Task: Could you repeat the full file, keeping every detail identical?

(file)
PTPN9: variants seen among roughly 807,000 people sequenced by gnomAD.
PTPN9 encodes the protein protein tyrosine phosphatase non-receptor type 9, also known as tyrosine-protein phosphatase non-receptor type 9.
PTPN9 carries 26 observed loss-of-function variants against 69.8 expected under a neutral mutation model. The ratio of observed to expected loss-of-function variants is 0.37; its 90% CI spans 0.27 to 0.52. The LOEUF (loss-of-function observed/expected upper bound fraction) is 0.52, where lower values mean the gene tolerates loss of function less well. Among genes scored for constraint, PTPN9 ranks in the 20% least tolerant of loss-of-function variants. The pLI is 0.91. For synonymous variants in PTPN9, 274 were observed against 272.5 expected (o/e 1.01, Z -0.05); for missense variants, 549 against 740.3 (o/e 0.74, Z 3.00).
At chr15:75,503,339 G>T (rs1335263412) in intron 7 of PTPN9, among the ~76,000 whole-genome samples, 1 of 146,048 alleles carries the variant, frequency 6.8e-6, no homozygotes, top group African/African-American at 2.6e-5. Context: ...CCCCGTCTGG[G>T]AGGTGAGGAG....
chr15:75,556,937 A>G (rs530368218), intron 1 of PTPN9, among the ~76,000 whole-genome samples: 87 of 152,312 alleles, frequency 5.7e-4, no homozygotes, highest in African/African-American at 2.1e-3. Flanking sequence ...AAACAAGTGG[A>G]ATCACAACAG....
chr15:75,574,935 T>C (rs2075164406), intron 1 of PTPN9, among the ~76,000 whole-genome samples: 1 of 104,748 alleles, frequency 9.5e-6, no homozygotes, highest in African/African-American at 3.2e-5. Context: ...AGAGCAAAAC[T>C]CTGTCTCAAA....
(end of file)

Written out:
PTPN9: variants seen among roughly 807,000 people sequenced by gnomAD.
PTPN9 encodes the protein protein tyrosine phosphatase non-receptor type 9, also known as tyrosine-protein phosphatase non-receptor type 9.
PTPN9 carries 26 observed loss-of-function variants against 69.8 expected under a neutral mutation model. The ratio of observed to expected loss-of-function variants is 0.37; its 90% CI spans 0.27 to 0.52. The LOEUF (loss-of-function observed/expected upper bound fraction) is 0.52, where lower values mean the gene tolerates loss of function less well. Among genes scored for constraint, PTPN9 ranks in the 20% least tolerant of loss-of-function variants. The pLI is 0.91. For synonymous variants in PTPN9, 274 were observed against 272.5 expected (o/e 1.01, Z -0.05); for missense variants, 549 against 740.3 (o/e 0.74, Z 3.00).
At chr15:75,503,339 G>T (rs1335263412) in intron 7 of PTPN9, among the ~76,000 whole-genome samples, 1 of 146,048 alleles carries the variant, frequency 6.8e-6, no homozygotes, top group African/African-American at 2.6e-5. Context: ...CCCCGTCTGG[G>T]AGGTGAGGAG....
chr15:75,556,937 A>G (rs530368218), intron 1 of PTPN9, among the ~76,000 whole-genome samples: 87 of 152,312 alleles, frequency 5.7e-4, no homozygotes, highest in African/African-American at 2.1e-3. Flanking sequence ...AAACAAGTGG[A>G]ATCACAACAG....
chr15:75,574,935 T>C (rs2075164406), intron 1 of PTPN9, among the ~76,000 whole-genome samples: 1 of 104,748 alleles, frequency 9.5e-6, no homozygotes, highest in African/African-American at 3.2e-5. Context: ...AGAGCAAAAC[T>C]CTGTCTCAAA....